By Amy Silverman
By Olivia LaVecchia
By Monica Alonzo and Stephen Lemons
By Chris Parker
By Michael Lacey
By Weston Phippen
Seated around the table in the parent center at Lassen, the women share nostalgic stories.
"I haven't seen my family in eight years," Mari says. "For me, this is my second family. I decided to make my own family."
Mari says the first time she crossed, the coyote left her and her husband in the desert in the middle of June. They walked for more than 12 hours without stopping, and Mari lost her baby. Mari says the difficulties she had getting here are the reason she doesn't go back.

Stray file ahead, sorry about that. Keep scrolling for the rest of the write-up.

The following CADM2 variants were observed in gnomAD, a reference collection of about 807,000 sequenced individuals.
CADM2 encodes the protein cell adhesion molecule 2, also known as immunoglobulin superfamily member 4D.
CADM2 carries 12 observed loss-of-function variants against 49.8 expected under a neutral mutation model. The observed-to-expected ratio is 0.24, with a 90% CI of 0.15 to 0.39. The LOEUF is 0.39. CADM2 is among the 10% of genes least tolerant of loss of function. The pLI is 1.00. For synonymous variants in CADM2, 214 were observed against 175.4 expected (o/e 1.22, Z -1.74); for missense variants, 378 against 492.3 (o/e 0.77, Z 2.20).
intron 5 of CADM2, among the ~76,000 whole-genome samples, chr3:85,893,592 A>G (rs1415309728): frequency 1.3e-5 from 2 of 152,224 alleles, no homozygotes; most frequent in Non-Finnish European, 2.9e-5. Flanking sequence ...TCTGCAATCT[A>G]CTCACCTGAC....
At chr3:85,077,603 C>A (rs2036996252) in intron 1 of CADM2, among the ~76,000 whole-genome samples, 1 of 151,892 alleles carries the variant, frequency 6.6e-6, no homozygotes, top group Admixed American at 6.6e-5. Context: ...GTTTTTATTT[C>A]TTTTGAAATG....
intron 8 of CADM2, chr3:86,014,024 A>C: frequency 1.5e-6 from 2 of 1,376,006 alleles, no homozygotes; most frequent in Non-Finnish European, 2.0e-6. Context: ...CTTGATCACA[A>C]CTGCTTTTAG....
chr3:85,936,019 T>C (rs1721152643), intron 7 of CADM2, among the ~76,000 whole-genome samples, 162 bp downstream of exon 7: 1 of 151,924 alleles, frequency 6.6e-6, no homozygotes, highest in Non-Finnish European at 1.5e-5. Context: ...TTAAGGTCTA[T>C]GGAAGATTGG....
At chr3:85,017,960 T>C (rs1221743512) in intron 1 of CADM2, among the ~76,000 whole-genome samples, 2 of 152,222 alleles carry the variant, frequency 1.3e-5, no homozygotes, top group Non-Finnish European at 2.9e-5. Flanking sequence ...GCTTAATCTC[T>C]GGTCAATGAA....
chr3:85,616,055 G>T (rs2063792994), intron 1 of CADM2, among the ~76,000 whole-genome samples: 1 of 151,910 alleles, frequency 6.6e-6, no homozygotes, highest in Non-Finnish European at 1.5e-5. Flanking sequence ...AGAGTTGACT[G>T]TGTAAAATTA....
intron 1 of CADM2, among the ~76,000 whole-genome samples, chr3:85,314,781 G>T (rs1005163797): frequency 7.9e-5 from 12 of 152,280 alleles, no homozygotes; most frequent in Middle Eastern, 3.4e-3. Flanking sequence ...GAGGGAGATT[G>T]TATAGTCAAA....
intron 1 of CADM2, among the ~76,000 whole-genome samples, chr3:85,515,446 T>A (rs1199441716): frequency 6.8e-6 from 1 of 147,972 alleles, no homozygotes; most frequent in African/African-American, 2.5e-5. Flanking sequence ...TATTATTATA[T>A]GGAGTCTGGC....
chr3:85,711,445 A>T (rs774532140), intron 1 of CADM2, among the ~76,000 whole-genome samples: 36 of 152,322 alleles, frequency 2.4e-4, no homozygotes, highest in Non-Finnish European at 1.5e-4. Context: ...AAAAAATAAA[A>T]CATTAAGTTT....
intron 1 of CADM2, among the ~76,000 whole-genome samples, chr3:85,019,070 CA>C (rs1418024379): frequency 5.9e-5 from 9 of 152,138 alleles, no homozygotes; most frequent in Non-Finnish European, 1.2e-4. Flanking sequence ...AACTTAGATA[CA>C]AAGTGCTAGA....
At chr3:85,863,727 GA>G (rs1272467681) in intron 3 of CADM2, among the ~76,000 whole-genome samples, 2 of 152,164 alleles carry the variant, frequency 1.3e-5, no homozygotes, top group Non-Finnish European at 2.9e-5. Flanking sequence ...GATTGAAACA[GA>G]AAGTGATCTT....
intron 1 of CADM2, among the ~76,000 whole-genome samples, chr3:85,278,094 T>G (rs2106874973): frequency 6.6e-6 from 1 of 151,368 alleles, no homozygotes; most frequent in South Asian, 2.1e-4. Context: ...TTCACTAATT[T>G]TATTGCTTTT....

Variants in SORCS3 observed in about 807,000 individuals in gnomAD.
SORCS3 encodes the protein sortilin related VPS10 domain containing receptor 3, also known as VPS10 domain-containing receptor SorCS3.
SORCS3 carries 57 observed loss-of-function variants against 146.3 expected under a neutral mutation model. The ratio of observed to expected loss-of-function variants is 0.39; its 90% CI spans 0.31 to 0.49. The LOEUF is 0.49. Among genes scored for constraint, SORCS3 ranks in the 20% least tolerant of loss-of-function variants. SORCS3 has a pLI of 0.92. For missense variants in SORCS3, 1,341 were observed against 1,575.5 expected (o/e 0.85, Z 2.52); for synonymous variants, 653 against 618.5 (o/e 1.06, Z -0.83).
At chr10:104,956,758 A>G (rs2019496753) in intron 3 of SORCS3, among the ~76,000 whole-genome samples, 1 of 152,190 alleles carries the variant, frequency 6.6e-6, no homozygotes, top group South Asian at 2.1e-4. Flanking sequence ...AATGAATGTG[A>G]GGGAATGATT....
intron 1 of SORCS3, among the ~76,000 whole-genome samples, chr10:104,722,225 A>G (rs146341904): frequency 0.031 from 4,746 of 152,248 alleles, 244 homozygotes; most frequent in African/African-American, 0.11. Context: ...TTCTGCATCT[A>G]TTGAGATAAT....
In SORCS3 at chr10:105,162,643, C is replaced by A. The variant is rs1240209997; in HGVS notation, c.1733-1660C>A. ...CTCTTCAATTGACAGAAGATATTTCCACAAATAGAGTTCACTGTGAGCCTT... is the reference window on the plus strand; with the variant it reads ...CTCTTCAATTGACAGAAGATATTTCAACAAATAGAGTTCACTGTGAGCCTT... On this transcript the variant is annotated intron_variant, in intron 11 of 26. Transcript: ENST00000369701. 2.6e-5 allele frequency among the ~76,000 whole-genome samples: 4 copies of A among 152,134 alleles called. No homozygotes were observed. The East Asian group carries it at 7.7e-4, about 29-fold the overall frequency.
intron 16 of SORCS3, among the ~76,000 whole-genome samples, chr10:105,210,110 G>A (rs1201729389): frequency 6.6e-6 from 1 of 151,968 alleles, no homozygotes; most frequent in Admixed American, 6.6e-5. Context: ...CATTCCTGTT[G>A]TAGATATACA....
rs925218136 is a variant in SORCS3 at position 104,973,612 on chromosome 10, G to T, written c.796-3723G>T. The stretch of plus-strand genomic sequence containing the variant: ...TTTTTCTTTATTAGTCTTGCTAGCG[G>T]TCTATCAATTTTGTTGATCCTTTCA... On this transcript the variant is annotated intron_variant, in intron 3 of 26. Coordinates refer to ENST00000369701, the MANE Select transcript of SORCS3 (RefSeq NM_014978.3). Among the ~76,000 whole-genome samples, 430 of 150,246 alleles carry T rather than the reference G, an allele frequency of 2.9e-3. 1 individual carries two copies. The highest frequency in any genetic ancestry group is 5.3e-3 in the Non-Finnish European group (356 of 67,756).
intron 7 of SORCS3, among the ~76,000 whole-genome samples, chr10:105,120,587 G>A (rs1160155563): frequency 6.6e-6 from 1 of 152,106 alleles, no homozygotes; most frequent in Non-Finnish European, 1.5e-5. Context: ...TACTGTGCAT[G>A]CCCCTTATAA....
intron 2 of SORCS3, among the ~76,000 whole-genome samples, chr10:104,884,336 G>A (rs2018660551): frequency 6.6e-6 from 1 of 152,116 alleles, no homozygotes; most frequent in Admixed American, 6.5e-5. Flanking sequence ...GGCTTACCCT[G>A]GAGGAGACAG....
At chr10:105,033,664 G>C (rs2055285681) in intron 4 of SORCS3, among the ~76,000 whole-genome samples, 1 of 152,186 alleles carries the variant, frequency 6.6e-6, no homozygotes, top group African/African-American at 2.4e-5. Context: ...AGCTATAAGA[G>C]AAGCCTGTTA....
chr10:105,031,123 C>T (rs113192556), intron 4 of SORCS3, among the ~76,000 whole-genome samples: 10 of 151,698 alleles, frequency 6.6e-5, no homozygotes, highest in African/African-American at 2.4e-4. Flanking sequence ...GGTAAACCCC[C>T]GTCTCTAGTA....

Most of the women agree they had no idea how difficult it would be to get here. They also agree that they will always consider themselves Mexican -- even if they never leave the United States. For all, being in this group has been an awakening.
"It's like going into a dark room and lighting candles," Angelina Lopez says. "We are learning to be ourselves and not hide."
Estrada sits at the head of the table and surveys the room.
"Are you saying you have a voice now?" She asks.
From the back of the room, one of the older women speaks up.
"We're not hens anymore," she says. "We can be eagles."